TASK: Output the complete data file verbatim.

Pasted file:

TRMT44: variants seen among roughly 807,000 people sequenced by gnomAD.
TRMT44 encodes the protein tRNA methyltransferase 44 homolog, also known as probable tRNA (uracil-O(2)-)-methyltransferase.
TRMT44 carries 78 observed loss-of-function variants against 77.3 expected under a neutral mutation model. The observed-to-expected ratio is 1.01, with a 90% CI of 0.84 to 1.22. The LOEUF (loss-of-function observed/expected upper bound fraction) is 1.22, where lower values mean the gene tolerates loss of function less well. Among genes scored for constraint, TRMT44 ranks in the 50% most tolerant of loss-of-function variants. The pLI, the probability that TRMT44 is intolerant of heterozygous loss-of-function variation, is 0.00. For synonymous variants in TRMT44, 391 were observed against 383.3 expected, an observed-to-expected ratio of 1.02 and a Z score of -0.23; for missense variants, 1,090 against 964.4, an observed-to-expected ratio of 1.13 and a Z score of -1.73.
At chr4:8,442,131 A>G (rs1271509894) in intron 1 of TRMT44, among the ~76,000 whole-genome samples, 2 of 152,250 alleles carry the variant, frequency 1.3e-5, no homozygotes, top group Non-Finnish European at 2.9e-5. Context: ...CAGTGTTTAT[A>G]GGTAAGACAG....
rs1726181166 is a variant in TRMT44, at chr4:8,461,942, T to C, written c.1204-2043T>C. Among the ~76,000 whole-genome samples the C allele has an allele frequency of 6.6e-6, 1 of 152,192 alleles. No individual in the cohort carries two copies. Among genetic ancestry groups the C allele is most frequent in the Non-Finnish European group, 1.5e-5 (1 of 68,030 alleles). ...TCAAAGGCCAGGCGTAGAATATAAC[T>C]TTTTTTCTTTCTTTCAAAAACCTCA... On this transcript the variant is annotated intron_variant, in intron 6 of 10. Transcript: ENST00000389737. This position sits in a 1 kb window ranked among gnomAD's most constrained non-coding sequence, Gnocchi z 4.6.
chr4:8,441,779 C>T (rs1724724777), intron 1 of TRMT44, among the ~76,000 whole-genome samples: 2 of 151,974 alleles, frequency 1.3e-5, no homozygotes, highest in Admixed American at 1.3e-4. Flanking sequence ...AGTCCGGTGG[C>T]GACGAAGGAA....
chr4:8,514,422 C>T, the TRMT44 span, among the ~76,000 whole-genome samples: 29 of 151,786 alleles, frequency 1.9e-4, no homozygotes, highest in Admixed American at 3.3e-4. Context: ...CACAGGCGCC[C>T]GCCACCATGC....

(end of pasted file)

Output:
TRMT44: variants seen among roughly 807,000 people sequenced by gnomAD.
TRMT44 encodes the protein tRNA methyltransferase 44 homolog, also known as probable tRNA (uracil-O(2)-)-methyltransferase.
TRMT44 carries 78 observed loss-of-function variants against 77.3 expected under a neutral mutation model. The observed-to-expected ratio is 1.01, with a 90% CI of 0.84 to 1.22. The LOEUF (loss-of-function observed/expected upper bound fraction) is 1.22, where lower values mean the gene tolerates loss of function less well. Among genes scored for constraint, TRMT44 ranks in the 50% most tolerant of loss-of-function variants. The pLI, the probability that TRMT44 is intolerant of heterozygous loss-of-function variation, is 0.00. For synonymous variants in TRMT44, 391 were observed against 383.3 expected, an observed-to-expected ratio of 1.02 and a Z score of -0.23; for missense variants, 1,090 against 964.4, an observed-to-expected ratio of 1.13 and a Z score of -1.73.
At chr4:8,442,131 A>G (rs1271509894) in intron 1 of TRMT44, among the ~76,000 whole-genome samples, 2 of 152,250 alleles carry the variant, frequency 1.3e-5, no homozygotes, top group Non-Finnish European at 2.9e-5. Context: ...CAGTGTTTAT[A>G]GGTAAGACAG....
rs1726181166 is a variant in TRMT44, at chr4:8,461,942, T to C, written c.1204-2043T>C. Among the ~76,000 whole-genome samples the C allele has an allele frequency of 6.6e-6, 1 of 152,192 alleles. No individual in the cohort carries two copies. Among genetic ancestry groups the C allele is most frequent in the Non-Finnish European group, 1.5e-5 (1 of 68,030 alleles). ...TCAAAGGCCAGGCGTAGAATATAAC[T>C]TTTTTTCTTTCTTTCAAAAACCTCA... On this transcript the variant is annotated intron_variant, in intron 6 of 10. Transcript: ENST00000389737. This position sits in a 1 kb window ranked among gnomAD's most constrained non-coding sequence, Gnocchi z 4.6.
chr4:8,441,779 C>T (rs1724724777), intron 1 of TRMT44, among the ~76,000 whole-genome samples: 2 of 151,974 alleles, frequency 1.3e-5, no homozygotes, highest in Admixed American at 1.3e-4. Flanking sequence ...AGTCCGGTGG[C>T]GACGAAGGAA....
chr4:8,514,422 C>T, the TRMT44 span, among the ~76,000 whole-genome samples: 29 of 151,786 alleles, frequency 1.9e-4, no homozygotes, highest in Admixed American at 3.3e-4. Context: ...CACAGGCGCC[C>T]GCCACCATGC....